Thursday March 7, 2013
Celebrating love and friendship
By ANTHONY THANASAYAN
The disabled were very much part of the recently concluded Chap Goh Mei festivities.
CHAP Goh Mei, regarded by many as the Chinese version of Valentine’s Day, was celebrated with much fanfare recently. People with disabilities were not left out of the celebrations.
Wheelchair user Teo Kah Choon, 44, enjoyed the day with his family and friends. He had lunch with his siblings and parents, at a wheelchair-accessible restaurant in Petaling Jaya.
Teo, who works as a data entry specialist from his home, joined a group of disabled friends for a sumptuous vegetarian dinner at a Chinese temple in Kuala Lumpur.
“It was simply marvellous to be out with my friends. We sang our favourite Chinese songs from yesteryear together with the able-bodied, and collected our angpows after that,” says Teo.
“In the past, Chap Goh Mei used to be celebrated on a smaller scale among employers and their staff. Now I’m happy that more people from religious, business and political groups are coming forth to celebrate the event on a bigger scale, and the disabled are being included, too,” says Teo, a Petaling Jaya resident.
Teo contracted poliomyelitis when he was three years old. He was rushed to the hospital with persistent high fever and given a jab. But his legs only got weaker after that episode. Teo made a special trip to China years later to seek traditional treatment, but it did not help his condition.
Teo decided that the next best thing was to accept his fate and started using a wheelchair in 1985. Today, Teo leads a very active life as a disabled activist and is vice-president of the Independent Living and Training Centre in Rawang, Selangor.
He travels virtually everywhere on his hand-powered three-wheel motorcycle.
“I can avoid traffic jams because of the motorcycle lanes. The petrol and maintenance is manageable and there’s no need to pay toll. I only pay RM1 for the yearly road tax,” says Teo.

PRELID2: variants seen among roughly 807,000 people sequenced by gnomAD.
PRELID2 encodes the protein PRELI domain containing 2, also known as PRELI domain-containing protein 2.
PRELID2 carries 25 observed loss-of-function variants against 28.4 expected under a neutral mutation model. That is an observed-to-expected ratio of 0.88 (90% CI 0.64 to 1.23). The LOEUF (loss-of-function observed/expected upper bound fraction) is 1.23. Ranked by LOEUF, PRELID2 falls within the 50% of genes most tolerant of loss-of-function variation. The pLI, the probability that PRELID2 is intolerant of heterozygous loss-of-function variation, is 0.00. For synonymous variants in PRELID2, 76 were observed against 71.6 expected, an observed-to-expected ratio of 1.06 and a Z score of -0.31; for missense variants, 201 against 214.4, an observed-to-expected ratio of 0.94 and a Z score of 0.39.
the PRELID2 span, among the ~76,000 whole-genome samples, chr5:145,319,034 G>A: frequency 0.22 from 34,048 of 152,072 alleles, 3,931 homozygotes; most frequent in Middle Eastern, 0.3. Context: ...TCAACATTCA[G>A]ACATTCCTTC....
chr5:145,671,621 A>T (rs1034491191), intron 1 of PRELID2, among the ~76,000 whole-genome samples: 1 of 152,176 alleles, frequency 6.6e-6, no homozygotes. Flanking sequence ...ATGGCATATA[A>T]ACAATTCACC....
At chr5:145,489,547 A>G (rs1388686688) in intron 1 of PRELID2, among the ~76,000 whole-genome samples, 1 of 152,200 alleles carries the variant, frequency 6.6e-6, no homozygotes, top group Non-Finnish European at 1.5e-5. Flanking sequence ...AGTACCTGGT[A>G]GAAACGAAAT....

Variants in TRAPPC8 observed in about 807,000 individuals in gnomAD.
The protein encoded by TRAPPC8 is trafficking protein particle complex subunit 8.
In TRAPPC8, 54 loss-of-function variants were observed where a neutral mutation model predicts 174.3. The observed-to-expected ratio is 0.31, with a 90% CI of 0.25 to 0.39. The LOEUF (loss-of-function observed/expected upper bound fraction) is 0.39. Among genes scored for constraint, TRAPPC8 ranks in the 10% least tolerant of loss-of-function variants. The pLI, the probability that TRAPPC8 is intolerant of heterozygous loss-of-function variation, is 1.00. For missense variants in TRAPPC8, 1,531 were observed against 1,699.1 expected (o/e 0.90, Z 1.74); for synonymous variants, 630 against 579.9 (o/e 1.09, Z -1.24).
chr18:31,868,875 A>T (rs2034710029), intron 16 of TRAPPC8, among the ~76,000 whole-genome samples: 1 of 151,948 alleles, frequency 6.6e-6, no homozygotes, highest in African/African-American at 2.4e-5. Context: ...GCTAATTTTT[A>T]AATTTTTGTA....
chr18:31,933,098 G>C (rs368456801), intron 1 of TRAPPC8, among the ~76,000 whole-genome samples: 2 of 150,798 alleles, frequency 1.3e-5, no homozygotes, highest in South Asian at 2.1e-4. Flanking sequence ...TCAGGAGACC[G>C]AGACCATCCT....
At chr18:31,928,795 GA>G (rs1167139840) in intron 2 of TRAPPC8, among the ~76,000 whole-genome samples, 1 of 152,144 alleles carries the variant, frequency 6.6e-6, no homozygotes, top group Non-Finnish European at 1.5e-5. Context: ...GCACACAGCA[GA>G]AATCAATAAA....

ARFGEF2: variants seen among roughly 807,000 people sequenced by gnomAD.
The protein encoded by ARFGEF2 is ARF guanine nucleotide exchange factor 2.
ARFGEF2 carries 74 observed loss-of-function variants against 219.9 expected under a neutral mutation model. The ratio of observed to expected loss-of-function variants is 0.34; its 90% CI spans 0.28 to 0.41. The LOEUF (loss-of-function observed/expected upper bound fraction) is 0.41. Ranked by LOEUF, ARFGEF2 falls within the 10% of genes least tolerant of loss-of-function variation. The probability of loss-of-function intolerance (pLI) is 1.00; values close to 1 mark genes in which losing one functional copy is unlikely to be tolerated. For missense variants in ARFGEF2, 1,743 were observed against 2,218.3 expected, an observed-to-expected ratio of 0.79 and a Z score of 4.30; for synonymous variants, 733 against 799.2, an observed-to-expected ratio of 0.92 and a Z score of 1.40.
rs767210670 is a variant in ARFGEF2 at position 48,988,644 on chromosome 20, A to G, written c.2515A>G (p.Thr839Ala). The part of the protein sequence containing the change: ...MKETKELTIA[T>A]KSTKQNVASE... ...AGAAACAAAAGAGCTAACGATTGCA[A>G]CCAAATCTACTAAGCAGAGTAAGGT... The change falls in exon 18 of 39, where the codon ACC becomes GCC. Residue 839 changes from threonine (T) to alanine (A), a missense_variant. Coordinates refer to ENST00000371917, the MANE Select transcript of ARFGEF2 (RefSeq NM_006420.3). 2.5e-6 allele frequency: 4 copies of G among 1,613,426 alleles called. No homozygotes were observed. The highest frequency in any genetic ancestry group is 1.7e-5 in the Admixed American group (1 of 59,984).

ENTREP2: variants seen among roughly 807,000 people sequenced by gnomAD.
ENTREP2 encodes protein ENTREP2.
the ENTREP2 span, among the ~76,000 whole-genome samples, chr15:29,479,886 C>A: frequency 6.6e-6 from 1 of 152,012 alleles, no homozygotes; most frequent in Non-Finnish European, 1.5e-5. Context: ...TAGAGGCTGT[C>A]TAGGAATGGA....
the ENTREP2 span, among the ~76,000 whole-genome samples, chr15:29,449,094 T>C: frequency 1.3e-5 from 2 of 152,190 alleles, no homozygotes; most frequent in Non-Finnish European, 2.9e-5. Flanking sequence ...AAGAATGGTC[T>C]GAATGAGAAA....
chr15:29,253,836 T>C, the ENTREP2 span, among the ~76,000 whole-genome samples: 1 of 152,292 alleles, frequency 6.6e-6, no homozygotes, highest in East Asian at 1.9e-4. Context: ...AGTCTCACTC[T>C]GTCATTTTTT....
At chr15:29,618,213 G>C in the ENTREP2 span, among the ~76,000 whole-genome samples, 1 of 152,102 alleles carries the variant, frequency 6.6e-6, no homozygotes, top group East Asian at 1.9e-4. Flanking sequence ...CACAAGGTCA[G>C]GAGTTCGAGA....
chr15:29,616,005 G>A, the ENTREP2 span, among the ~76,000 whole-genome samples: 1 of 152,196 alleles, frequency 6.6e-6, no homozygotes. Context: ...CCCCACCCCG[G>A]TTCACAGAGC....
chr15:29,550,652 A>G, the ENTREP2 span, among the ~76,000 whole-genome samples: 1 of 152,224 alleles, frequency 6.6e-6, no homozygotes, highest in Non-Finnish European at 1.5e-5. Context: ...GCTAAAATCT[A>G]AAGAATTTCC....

He pointed out that taxis are not only expensive, they won’t stop for wheelchairs because it’s too much work – the cabbies are reluctant to get out of their cabs to help put the wheelchair in the boot.
Teo says the best part about using a three-wheeler is that he gets to park virtually anywhere – as long as it does not pose an obstruction to others. Most enforcement officers are very understanding and chose to close one eye when they come across vehicles used by the disabled.
Teo’s main concern is potential robbers on the road. He makes it a point to avoid unfamiliar areas and uses familiar routes which are well-lit and well-used.
“There are certainly angels in our midst,” says Teo. On a couple of occasions when Teo’s bike broke down, strangers rushed to his aid.
One of these samaritans even went to the extent of removing Teo’s punctured tyre, took it to the nearest service centre and returned with a good tyre – an exercise that took nearly an hour!
On another note, people with Parkinson’s and their caregivers are in for a special treat this Saturday.
The Kuala Lumpur-based Malaysian Parkinson’s Disease Association (MPDA) will be holding its second public forum on Parkinson’s at Kompleks Masyarakat Penyayang in Penang, from 1.30pm–5pm. The event is free and open to the public.
A specialist on the disease and other medical experts will be present. They will highlight the latest developments in Parkinson’s disease and touch on Deep Brain Surgery treatment for patients.
MPDA was set up in 1994 as the first national support group for people with Parkinson’s, their families and caregivers, by the late Lloyd Tan Pao Chan, a Parkinson’s patient himself.
The association aims to provide support and improve the quality of life of people with Parkinson’s and their families.
MPDA President Sara Lew says one of the objectives of the forum is to start a local support group in Penang Island.
Interested parties can contact MPDA at 03-7980 6685 or Mr Looi at 017-8871859 (Tuesdays to Saturdays). For more details, visit www.mpda.org.my.